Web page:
• I use smoked streaky bacon to wrap most game and chicken, which I chop up and mix in the the vegetables at the end, but your chef’s perk is well deserved.

  • Oooh! Those parsnips look a treat! I wish they weren’t so hard to find here. I’m not a big game bird gal, unfortunately, but I’m going to try this the next time I pick up a good quality chicken.

  • Hi Conor! I’ve never had guinea or parsnips. The bird has rainbow like flesh. You always inspire me to try new things. Thank you for that!

  • Darn it – Ron got ahead of me in saying what was going to come next to my name! Well, you up there in Ireland and Sweden: what chance does a poor gal have if your fingers are busy at sleepy-time here . . . seriously, do not often cook whole chicken but shall make an exception for this . . . love the parsnips and mustard and honey together work on my palate also . . .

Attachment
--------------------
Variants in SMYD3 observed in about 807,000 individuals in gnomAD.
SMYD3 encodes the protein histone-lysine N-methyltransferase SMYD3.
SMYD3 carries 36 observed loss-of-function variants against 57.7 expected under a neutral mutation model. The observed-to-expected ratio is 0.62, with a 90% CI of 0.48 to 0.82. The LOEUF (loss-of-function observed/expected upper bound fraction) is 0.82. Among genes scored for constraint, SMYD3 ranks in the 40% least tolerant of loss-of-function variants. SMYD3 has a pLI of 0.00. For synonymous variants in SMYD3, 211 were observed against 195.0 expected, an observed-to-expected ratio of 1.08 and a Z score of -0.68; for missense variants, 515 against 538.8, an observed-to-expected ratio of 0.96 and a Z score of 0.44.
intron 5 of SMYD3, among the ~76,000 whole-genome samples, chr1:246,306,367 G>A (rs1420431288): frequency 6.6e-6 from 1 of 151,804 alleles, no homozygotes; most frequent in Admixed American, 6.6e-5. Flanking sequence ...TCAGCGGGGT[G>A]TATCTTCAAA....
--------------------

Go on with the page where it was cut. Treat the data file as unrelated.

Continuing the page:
• You make the most elegant meals, Conor. Very nice and enticing.

  • <3 pintade! And parsnips. Parfait.

  • That’s a gorgeous looking bird, Conor. I wish it were easier to find poultry other than those antibiotic laden, water pumped “chickens” that populate our supermarkets on this side of the pond.

  • The colours of that bird are amazing! I’m going to have to track down a guinea fowl to try this recipe! They aren’t commonly available commercially here, but people like to raise them along with their backyard chickens.

  • I have eaten guinea fowl and pheasant when traveling in Europe in the fall and like them both. Unfortunately I’ve never see one in our market, even duck can only be bought frozen. Your meal sounds especially good and I agree that it must be hard not to eat the crispy parma ham while waiting on the bird to finish. 🙂

  • So it all looks amazing, Conor, but you had me at parsnips. I don’t know what it is but I’m wild about them. And rutabagas but that’s a different story. We can buy Guinea fowl here but as far as I know, you’d have to visit one of the farms that produce them. Pheasant is commonly hunted and I grew up on it, but haven’t had any for ages.